BYLINE: RODNEY HART, Herald-Whig Staff Writer
Gov. Jay Nixon signed legislation Thursday allowing Missouri police to take DNA samples along with booking photos and fingerprints when they make arrests.
The legislation requires DNA to be taken from people age 17 and older who are arrested on suspicion of violent felonies, sex offenses or burglary. The DNA samples will be discarded if charges aren't filed or are dropped, or if the suspect is acquitted at trial.
"This is a good idea, and I applaud Gov. Nixon for his action," Marion County Prosecutor Tom Redington said. "It is a sad fact of life that those arrested for violent felonies, sex offenses or burglary have in all likelihood committed other crimes as well." Redington said DNA collection may help solve other crimes and possibly cold cases. "As the database of DNA samples increases over the years, it may also help solve crime in the future," Redington said.
Getting a DNA sample is relatively simple, requiring a swab from the inside of the cheek. Lewis County Sheriff David Parrish says he supports the legislation, though he admits it does raise issues. "It does create more work for us at the field level," Parrish said. "My bigger concern is the folks at the crime lab, because there will be tons of DNA samples coming in."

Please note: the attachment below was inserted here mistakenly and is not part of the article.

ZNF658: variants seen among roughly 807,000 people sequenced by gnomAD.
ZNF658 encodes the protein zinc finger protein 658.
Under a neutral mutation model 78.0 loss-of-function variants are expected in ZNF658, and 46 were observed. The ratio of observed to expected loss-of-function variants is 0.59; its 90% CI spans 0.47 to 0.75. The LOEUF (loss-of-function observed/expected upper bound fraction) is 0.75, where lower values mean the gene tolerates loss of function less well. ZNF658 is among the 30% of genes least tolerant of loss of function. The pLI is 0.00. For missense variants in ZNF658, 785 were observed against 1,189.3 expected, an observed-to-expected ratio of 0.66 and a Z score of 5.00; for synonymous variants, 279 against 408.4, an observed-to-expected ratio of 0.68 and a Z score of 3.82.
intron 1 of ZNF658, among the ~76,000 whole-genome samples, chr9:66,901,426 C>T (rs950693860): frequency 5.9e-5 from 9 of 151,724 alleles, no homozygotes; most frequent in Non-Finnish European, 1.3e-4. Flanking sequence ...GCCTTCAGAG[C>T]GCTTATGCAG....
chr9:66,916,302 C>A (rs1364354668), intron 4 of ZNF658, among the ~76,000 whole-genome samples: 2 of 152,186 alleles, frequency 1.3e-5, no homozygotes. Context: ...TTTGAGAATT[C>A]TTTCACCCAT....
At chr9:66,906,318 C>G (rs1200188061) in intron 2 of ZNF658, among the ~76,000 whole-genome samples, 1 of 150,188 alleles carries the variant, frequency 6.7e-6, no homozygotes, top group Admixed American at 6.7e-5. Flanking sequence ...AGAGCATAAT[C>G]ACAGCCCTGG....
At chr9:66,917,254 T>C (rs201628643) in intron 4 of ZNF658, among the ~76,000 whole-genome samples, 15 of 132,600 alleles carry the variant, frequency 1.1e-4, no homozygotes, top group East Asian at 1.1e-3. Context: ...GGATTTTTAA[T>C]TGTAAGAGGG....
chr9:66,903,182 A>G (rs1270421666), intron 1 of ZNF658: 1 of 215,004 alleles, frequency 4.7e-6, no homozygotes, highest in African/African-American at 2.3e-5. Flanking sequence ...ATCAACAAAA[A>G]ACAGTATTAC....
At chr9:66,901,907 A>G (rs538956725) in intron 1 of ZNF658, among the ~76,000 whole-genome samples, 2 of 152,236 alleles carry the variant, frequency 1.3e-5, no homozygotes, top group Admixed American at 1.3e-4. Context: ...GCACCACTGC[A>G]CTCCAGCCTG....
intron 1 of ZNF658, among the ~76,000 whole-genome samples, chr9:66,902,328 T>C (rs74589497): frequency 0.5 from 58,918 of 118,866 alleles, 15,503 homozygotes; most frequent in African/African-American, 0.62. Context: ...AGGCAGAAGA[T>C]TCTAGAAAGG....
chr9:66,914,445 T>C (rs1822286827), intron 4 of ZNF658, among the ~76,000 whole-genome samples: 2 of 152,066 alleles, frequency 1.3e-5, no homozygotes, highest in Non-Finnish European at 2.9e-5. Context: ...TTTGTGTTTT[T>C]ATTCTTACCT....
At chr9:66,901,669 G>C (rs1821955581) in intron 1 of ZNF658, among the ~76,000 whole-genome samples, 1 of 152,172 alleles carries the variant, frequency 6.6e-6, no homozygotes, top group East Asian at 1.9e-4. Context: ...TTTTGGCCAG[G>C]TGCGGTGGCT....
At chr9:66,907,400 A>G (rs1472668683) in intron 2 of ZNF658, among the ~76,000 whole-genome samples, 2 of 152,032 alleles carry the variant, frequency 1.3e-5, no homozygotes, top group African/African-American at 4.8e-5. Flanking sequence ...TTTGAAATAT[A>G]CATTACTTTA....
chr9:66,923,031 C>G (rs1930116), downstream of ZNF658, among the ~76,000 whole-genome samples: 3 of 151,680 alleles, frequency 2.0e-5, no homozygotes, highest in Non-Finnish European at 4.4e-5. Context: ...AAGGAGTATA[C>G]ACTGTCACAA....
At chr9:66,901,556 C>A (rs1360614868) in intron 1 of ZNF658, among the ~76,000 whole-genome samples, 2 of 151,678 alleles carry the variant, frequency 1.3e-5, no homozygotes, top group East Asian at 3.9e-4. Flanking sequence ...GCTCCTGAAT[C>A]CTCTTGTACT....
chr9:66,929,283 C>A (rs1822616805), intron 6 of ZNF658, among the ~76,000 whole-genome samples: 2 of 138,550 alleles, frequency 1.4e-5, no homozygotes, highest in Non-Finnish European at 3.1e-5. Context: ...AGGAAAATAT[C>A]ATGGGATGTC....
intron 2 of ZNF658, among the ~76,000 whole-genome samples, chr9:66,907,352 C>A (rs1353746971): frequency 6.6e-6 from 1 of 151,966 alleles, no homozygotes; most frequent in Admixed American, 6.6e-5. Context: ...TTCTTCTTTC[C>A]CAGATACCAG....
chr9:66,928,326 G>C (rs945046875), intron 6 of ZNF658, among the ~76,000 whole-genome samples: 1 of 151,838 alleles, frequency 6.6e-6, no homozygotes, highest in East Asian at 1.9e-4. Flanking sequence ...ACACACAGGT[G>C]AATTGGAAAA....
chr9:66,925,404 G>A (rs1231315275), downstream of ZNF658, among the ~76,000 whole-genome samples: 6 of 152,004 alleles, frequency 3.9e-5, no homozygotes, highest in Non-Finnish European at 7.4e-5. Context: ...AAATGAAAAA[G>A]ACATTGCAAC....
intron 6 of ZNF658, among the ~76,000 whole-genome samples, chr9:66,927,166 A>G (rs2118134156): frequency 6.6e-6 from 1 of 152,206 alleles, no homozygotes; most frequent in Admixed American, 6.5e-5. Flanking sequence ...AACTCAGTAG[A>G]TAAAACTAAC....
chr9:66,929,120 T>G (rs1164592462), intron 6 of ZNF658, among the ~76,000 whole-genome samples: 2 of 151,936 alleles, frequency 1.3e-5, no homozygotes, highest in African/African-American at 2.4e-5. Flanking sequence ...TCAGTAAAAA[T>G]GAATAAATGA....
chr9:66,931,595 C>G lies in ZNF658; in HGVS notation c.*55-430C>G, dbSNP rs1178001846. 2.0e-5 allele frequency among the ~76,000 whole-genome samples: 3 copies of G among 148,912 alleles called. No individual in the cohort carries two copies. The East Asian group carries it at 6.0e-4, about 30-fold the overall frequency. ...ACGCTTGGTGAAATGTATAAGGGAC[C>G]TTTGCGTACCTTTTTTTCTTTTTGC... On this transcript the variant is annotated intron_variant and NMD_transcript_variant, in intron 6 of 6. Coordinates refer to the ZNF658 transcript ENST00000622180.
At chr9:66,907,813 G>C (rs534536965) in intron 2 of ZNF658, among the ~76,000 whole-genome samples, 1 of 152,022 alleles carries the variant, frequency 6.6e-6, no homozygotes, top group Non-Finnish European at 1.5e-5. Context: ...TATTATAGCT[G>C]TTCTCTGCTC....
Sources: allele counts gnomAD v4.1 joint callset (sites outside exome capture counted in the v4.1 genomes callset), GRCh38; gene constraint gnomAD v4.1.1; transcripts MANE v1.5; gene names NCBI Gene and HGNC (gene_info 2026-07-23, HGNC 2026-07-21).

Parrish said DNA is "good, sound evidence" and can help solve crimes.
"You know it's true -- if you solve one burglary, the chances of solving 10 burglaries are pretty good," Parrish said.
Missouri already collects DNA samples from convicted felons before they are released from prison. It now joins at least 15 other states in collecting it after some arrests, according to the National Conference of State Legislatures.
Collecting more DNA samples will help solve crime because it will expand the database used to check evidence from crime scenes, Nixon said during a bill-signing ceremony in the state crime lab. Nixon, the state's attorney general for 16 years before becoming governor, called the bill a step into a "new world" that uses science to fight crime.
The legislation signed by Nixon is expected to increase the number of samples in the database by 43,000 after several years.
John Coffman, a lobbyist for the American Civil Liberties Union of Eastern Missouri, said Thursday that discarding samples from those who aren't convicted alleviates some concerns but doesn't go far enough. DNA gives data about family ties and health conditions and could be used for more than just identification, he said. "If you are innocent until proven guilty, we don't think you should be compelled by the government to reveal that much private information about yourself," Coffman said.
DNA collected from convicted felons helped in almost 200 homicide investigations and resulted in DNA matches in 1,884 cases from January 2005, when it started, through last year, bill supporters said.
The Associated Press contributed to this story
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